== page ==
In seeking to fill the spiritual void created by secular humanism, man has turned to numerous chimeras. One is political liberalism, which, like secular humanism, is intensely melioristic. Kristol explored the contradictions between liberalism and religion in several articles in Commentary in the late 1940s. These articles generally focused on his fellow Jews, whom he regarded as especially susceptible to secular humanism because of the orientation toward good deeds that is so central to the religion. But his critique was not limited to Judaism; he wrote with great passion about the tendency of liberalism to tell man that doing good is the sole meaning of religion. He especially decried "the transformation of Messianism into a shallow, if sincere, humanitarianism, plus a thoroughgoing insensitivity to present spiritual problems."

Kristol has likewise been critical of another attempt to fill the spiritual void created by secular humanism. In a 1949 Commentary article, "God and the Psychoanalysts," Kristol faulted Freud for seeking to replace the lessons of religion with a formula for happiness and fulfillment supposedly based on scientific reason. Even worse, suggested Kristol, was the extension of psychoanalysis into the domain of religion itself. Kristol quoted the dean of Hebrew Union College, a major Jewish seminary, who declared that religious teachings should be screened to examine whether "they strengthen or weaken the mental and emotional health of the common man." As Kristol saw it, secular humanism was threatening religion not only from without, but from within.

Alienated Intellectuals

Kristol also attributes to the loss of religious faith what the great literary critic Lionel Trilling has termed "the adversary culture." The adversary culture is composed of the permanently disaffected and alienated members of society who wear tie-dyes instead of ties, prefer the Third World (or any world, for that matter) to the United States, and smoke pot instead of salmon. No longer believing in God or country, the adversary culture is stumbling in a blinding whirl of protests, complaints, and arguments in search of that nexus of spiritual meaning that all people need to survive.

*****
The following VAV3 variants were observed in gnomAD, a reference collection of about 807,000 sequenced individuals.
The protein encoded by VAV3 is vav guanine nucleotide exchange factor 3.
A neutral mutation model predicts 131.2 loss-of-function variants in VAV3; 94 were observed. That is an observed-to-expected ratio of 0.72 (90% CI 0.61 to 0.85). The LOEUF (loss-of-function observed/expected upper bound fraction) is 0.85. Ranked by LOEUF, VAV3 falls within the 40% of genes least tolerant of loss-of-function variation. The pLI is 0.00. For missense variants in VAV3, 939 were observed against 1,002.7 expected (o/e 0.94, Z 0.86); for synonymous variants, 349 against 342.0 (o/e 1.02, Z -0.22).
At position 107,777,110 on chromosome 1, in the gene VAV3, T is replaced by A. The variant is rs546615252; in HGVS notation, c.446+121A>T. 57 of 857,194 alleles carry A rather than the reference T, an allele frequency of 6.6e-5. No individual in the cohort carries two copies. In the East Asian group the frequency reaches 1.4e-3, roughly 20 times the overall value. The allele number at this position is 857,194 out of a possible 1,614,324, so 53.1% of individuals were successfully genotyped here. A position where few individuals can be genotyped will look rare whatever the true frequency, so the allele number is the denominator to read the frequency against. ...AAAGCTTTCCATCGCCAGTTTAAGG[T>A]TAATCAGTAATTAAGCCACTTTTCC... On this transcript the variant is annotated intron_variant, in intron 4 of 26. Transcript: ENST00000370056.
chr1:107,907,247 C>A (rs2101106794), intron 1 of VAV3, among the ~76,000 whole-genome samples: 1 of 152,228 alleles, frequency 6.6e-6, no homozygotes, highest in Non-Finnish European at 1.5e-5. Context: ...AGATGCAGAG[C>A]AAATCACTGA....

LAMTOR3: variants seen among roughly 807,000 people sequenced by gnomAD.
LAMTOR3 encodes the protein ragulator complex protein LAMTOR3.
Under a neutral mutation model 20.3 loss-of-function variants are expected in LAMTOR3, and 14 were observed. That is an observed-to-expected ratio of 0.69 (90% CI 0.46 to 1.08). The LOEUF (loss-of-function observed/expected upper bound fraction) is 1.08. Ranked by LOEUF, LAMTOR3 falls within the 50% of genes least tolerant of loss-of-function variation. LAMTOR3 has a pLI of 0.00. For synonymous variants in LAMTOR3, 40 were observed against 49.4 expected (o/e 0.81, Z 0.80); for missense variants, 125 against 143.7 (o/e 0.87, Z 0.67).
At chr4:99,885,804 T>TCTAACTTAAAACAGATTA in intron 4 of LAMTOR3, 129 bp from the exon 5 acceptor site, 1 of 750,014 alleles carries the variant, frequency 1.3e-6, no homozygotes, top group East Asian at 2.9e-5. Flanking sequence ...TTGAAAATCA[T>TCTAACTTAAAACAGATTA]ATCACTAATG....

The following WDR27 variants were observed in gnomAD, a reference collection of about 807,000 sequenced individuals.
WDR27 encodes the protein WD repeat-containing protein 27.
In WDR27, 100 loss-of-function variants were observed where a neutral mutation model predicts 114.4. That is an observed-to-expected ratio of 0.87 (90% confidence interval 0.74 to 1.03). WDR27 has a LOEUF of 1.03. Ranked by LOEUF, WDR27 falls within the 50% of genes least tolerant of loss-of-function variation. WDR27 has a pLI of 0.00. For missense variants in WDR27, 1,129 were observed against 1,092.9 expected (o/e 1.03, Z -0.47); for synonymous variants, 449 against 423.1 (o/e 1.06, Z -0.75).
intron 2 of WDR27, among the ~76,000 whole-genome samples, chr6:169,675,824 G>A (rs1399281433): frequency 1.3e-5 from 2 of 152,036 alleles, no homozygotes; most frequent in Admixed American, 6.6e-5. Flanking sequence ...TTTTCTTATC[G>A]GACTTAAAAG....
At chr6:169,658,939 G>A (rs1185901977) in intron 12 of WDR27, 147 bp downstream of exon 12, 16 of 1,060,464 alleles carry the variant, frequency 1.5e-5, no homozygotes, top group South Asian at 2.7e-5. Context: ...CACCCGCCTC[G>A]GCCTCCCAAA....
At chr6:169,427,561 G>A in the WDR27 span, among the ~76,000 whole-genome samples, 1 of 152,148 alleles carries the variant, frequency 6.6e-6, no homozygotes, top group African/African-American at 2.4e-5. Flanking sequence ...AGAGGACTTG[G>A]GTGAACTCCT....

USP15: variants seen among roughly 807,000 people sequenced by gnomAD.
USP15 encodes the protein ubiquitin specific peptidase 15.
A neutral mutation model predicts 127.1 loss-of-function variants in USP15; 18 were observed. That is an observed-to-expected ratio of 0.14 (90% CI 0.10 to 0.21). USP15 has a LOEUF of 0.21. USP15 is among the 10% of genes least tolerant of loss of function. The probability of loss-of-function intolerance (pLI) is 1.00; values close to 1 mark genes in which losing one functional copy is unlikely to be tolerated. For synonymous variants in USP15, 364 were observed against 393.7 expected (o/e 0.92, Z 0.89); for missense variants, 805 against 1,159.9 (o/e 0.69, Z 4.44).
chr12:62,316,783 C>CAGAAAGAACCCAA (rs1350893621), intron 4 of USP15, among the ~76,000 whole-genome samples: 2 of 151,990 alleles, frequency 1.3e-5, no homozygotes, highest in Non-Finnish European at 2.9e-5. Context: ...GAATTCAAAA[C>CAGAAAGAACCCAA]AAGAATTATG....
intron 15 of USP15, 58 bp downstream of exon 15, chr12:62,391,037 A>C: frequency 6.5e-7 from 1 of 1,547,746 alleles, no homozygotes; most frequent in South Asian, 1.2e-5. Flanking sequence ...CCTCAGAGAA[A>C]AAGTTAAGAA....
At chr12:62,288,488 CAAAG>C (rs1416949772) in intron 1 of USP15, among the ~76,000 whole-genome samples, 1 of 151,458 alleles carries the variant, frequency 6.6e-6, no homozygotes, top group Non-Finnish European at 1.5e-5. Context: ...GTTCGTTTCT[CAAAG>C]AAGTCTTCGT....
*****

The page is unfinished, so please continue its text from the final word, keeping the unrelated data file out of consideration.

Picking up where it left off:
Kristol explored the historical roots of the adversary culture in several essays from the mid 1970s. Most of these are found in his 1983 collection, Reflections of a Neoconservative. In these essays, Kristol contended that the adversary culture is the intellectual descendant of the French Enlightenment. Like the adversary culture, the French Enlightenment and the French Revolution rejected religion with all of its built-in checks on man's power to change the world. The refrain of the revolution was "Universal Regeneration of Mankind," and it sought to destroy any institution or tradition that could not be justified by reason. For the first time, the realization of utopian fantasy was seen as a real possibility. While previous crafters of the model society, from Plato to Thomas More, knew that any attempt to realize their dreams would lead to horrific unintended consequences, the Jacobins had no such scruples. Kristol held the French Revolution accountable not only for the adversary culture, but for more pernicious forms of utopianism, such as Marxism and Nazism.

In the contemporary United States, Kristol has argued that the adversary culture is sustained mostly by university professors who are alienated from and disillusioned by bourgeois society. Mass higher education has spawned a vast population of intellectuals who accept the benefits of free time and tenure, and proceed to rail against the capitalist society that supports their lifestyle.